Why has Meta delayed its end-to-end encryption plans?
It was touted by Mark Zuckerberg two years ago as a win for Instagram and Facebook Messenger users - encrypting the messaging apps so no third party could spy on their private conversations.
It also served a practical purpose for Facebook as it tried to lessen its focus on the Facebook newsfeed and pivot towards less-problematic conversations between friends. If not even Facebook could see what messages you were sending, it would be able to wash its hands of responsibility for what was happening on its platform.
Fast-forward to 2021 and a lot has changed. Facebook is now Meta, the Facebook Papers leaked by whistleblower Frances Haugen has mired the company in its most damaging scandal yet and Meta faces antitrust action in the US and elsewhere.
Now Meta is delaying its encryption plans to 2023. The real question is whether it will ever follow through on its plans to introduce end to end encryption across Instagram and Messenger. It already exists on Meta's WhatsApp platform, but...
Here's Meta's problem - its messaging platforms already play host to massive child sex abuse images. Child protection groups and law enforcement agencies all over the world have persuasively argued that encrypting Facebook Messenger and Instagram will only serve to help sex offenders hide their tracks.
The UK's National Society for the Prevention of Cruelty to Children recently sent freedom of information requests to 46 police forces across England, Wales and Scotland, asking for them to identify the key platforms used to commit sexual offences against children.
Of the 9,470 incidents of child sex image trading and other offences reported by the police forces, 52% took place on Meta-owned platforms. Over a third of them took place on Instagram, while Facebook and Messenger accounted for 13% of them. Very few related to Whatsapp, suggesting the encryption made it harder to identify alleged offenders.
Meta says it wants to get encryption right so will take more time to consult with child safety advocates and law enforcement agencies. But it knows that the UK and US governments, in particular, have been hostile towards encryption. They see it as a barrier to fighting serious crimes like terrorism, drug and sex trafficking.
Global head of safety at Meta, Antigone Davis, wrote in the Telegraph that when Meta does introduce encryption, it will "prevent harm by using proactive detection technology that looks for suspicious patterns of activity and takes action on concerning accounts".
It would also give users more controls to manage who they speak to on messaging apps and encourage people to report harmful messages.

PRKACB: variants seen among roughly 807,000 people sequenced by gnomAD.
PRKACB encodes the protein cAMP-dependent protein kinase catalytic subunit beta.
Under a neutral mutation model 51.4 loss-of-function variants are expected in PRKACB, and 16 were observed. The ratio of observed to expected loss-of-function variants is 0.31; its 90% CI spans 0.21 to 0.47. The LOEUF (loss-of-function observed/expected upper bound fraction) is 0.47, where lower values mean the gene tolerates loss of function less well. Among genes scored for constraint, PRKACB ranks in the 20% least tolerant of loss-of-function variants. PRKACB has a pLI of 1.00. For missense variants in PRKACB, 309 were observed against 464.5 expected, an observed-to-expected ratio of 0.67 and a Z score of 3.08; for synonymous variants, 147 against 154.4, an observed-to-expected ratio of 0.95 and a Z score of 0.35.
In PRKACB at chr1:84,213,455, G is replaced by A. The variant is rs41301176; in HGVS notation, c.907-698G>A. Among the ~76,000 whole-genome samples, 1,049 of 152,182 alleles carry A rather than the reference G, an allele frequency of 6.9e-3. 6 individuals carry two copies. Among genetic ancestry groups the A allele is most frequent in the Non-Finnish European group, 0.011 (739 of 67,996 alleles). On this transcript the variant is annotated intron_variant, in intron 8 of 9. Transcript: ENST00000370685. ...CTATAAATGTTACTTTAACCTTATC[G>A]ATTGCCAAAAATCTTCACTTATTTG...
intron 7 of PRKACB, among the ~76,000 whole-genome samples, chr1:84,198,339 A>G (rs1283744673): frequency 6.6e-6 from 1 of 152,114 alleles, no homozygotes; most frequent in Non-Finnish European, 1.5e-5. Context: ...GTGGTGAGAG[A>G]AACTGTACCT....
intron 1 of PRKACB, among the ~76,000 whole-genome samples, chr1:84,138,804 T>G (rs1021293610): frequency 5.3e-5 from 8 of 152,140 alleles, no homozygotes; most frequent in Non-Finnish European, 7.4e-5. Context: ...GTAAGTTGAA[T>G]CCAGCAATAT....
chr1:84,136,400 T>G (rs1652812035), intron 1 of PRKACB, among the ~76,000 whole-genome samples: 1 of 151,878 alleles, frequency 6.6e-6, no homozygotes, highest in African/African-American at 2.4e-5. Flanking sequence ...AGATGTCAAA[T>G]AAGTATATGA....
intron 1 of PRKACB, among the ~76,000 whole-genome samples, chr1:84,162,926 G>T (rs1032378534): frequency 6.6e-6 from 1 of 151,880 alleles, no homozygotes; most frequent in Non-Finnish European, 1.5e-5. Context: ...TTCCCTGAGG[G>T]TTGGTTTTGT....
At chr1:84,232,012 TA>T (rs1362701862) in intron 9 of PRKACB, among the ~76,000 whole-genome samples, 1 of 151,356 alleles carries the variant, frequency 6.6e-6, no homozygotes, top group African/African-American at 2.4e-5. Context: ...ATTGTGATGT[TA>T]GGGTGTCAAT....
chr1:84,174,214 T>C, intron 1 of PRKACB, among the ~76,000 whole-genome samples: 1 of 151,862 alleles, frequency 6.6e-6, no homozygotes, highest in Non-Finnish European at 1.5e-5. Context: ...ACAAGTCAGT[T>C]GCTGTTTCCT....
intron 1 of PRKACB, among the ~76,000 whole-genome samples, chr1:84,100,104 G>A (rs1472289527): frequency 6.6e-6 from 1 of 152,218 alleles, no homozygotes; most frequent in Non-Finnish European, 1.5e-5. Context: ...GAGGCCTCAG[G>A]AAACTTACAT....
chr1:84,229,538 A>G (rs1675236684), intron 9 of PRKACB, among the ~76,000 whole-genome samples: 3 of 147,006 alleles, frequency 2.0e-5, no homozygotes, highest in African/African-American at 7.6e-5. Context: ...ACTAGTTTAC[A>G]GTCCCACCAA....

"Even with billions of people already benefiting from end-to-end encryption, there is more data than ever for the police to use to investigate and prosecute criminals, including phone numbers, email addresses, and location data," she wrote.
It's the metadata, rather than the data themselves that are useful to law enforcement agencies, she argues.
Encryption good, Meta encryption bad?
There may be some truth to that but Meta has an uphill battle on its hands to get end to end encryption over the line. It has already been shown to ignore evidence of arm in favour of growing its business. Frances Haugen is actually an advocate of end to end encryption. But she doesn't think we can trust Meta to apply it responsibly to Facebook and Instagram.
"Facebook's plan for end-to-end encryption - I think - is concerning because we have no idea what they're doing to do," she said last month while giving testimony to the UK Parliament.
"We don't know what it means, we don't if people's privacy is actually protected. It's super nuanced and it's also a different context. On the open-source end-to-end encryption product that I like to use there is no directory where you can find 14-year-olds, there is no directory where you can go and find the Uighur community in Bangkok. On Facebook, it is trivially easy to access vulnerable populations and there are national state actors that are doing this."
There are lots of encrypted apps available, from Signal and Telegram to Apple iMessage and Facebook's Own WhatsApp, which has always existed as separate to Meta's other social platforms - which is why it has a popular following among Facebook's own critics. But those apps aren't intertwined with the Meta business model, the attention industry that has produced perverse outcomes for millions of people.
Zuckerberg was intent on making Instagram, Facebook and WhatsApp messaging all interoperable and fully encrypted. Those plans could now be in doubt, not because of encryption's ability to make conversations go dark, but because of Meta's track record. With Meta facing strong government scrutiny and ongoing questions about its trustworthiness as it seeks to build out the metaverse, end to end encryption may be a bridge too far - even for someone as single-minded as Zuckerberg.
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